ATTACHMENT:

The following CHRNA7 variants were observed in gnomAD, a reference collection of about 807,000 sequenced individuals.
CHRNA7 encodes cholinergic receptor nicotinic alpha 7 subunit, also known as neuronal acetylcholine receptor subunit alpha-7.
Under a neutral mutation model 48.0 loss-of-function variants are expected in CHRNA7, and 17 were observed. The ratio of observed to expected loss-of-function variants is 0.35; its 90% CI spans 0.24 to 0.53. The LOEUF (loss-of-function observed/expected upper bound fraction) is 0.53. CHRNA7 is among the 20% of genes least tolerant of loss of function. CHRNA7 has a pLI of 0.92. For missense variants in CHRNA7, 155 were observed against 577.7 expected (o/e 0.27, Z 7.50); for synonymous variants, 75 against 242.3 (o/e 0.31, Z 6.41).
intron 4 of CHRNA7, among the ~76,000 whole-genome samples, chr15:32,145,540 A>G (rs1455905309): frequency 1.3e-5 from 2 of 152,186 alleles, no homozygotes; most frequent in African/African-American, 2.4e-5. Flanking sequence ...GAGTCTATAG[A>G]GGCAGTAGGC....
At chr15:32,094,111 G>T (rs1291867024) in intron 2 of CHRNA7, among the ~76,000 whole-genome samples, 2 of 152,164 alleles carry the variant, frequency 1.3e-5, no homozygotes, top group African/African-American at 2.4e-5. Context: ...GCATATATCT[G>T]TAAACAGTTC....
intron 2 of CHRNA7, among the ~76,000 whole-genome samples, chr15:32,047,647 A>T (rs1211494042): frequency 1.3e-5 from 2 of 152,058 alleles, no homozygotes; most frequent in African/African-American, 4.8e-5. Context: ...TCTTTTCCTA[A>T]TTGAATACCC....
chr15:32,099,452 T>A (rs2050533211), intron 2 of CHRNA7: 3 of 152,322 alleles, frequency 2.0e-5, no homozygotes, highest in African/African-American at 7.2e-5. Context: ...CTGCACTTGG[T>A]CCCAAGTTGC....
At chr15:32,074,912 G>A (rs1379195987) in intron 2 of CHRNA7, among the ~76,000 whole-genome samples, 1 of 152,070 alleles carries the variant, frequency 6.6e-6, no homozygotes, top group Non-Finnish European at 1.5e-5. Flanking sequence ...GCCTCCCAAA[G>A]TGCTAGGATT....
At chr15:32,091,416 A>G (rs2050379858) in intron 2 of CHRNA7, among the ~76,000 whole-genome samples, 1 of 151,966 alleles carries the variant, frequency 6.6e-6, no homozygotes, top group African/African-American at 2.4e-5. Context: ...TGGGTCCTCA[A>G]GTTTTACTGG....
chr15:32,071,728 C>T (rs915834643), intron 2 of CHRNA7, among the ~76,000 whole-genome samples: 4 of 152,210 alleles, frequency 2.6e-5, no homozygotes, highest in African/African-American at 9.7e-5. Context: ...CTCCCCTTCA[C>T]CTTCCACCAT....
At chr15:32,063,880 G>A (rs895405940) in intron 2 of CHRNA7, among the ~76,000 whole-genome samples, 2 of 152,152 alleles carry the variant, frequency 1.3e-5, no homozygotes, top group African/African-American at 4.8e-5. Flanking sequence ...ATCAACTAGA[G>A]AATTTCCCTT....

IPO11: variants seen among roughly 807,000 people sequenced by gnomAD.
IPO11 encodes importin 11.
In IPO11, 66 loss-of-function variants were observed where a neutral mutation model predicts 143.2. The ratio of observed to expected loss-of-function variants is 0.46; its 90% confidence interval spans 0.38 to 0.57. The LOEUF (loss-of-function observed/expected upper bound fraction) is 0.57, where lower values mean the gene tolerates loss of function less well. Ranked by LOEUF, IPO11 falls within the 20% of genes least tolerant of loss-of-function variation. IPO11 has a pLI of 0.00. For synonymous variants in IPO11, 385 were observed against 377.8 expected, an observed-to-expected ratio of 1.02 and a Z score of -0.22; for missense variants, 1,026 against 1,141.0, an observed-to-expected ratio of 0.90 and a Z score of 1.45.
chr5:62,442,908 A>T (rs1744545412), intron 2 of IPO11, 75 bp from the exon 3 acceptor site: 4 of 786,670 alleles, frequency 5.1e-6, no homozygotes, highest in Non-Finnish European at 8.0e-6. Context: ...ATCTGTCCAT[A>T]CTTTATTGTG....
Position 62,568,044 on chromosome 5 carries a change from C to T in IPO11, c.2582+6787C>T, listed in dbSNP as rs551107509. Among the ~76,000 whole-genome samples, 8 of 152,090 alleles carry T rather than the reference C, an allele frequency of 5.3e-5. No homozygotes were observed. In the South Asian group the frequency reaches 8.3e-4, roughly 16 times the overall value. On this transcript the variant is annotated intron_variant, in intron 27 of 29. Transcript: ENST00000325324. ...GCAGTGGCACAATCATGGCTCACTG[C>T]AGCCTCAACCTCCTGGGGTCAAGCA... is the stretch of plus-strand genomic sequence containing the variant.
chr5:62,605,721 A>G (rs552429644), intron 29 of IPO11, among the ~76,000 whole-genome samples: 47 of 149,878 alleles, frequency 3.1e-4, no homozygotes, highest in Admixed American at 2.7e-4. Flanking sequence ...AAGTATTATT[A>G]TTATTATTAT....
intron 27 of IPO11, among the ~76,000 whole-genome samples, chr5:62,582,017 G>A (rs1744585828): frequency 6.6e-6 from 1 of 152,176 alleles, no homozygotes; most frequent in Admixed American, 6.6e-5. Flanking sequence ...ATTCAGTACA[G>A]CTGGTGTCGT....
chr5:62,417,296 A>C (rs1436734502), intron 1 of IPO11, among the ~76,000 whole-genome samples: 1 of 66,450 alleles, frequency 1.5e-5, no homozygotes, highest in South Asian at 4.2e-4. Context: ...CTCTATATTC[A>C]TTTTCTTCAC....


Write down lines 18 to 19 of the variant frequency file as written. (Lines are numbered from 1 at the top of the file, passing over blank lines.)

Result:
intron 27 of IPO11, among the ~76,000 whole-genome samples, chr5:62,582,017 G>A (rs1744585828): frequency 6.6e-6 from 1 of 152,176 alleles, no homozygotes; most frequent in Admixed American, 6.6e-5. Flanking sequence ...ATTCAGTACA[G>A]CTGGTGTCGT....
chr5:62,417,296 A>C (rs1436734502), intron 1 of IPO11, among the ~76,000 whole-genome samples: 1 of 66,450 alleles, frequency 1.5e-5, no homozygotes, highest in South Asian at 4.2e-4. Context: ...CTCTATATTC[A>C]TTTTCTTCAC....